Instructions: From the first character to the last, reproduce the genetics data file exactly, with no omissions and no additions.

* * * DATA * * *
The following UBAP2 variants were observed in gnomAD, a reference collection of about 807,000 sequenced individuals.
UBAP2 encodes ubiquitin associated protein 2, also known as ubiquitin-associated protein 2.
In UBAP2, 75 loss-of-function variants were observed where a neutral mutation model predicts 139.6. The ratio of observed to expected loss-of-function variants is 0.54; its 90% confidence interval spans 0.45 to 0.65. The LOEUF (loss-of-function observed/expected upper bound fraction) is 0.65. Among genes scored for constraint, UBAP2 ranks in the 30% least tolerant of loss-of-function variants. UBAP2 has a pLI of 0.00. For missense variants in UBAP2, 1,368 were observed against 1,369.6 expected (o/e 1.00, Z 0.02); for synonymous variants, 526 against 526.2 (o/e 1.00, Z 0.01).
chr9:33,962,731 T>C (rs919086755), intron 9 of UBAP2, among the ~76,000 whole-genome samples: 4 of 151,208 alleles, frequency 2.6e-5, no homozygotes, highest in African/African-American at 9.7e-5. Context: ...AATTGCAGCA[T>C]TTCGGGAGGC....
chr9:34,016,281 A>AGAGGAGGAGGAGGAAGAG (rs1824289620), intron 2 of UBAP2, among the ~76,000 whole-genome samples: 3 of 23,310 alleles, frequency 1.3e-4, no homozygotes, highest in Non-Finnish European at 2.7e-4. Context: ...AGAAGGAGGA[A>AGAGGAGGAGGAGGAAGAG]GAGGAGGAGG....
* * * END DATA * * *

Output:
The following UBAP2 variants were observed in gnomAD, a reference collection of about 807,000 sequenced individuals.
UBAP2 encodes ubiquitin associated protein 2, also known as ubiquitin-associated protein 2.
In UBAP2, 75 loss-of-function variants were observed where a neutral mutation model predicts 139.6. The ratio of observed to expected loss-of-function variants is 0.54; its 90% confidence interval spans 0.45 to 0.65. The LOEUF (loss-of-function observed/expected upper bound fraction) is 0.65. Among genes scored for constraint, UBAP2 ranks in the 30% least tolerant of loss-of-function variants. UBAP2 has a pLI of 0.00. For missense variants in UBAP2, 1,368 were observed against 1,369.6 expected (o/e 1.00, Z 0.02); for synonymous variants, 526 against 526.2 (o/e 1.00, Z 0.01).
chr9:33,962,731 T>C (rs919086755), intron 9 of UBAP2, among the ~76,000 whole-genome samples: 4 of 151,208 alleles, frequency 2.6e-5, no homozygotes, highest in African/African-American at 9.7e-5. Context: ...AATTGCAGCA[T>C]TTCGGGAGGC....
chr9:34,016,281 A>AGAGGAGGAGGAGGAAGAG (rs1824289620), intron 2 of UBAP2, among the ~76,000 whole-genome samples: 3 of 23,310 alleles, frequency 1.3e-4, no homozygotes, highest in Non-Finnish European at 2.7e-4. Context: ...AGAAGGAGGA[A>AGAGGAGGAGGAGGAAGAG]GAGGAGGAGG....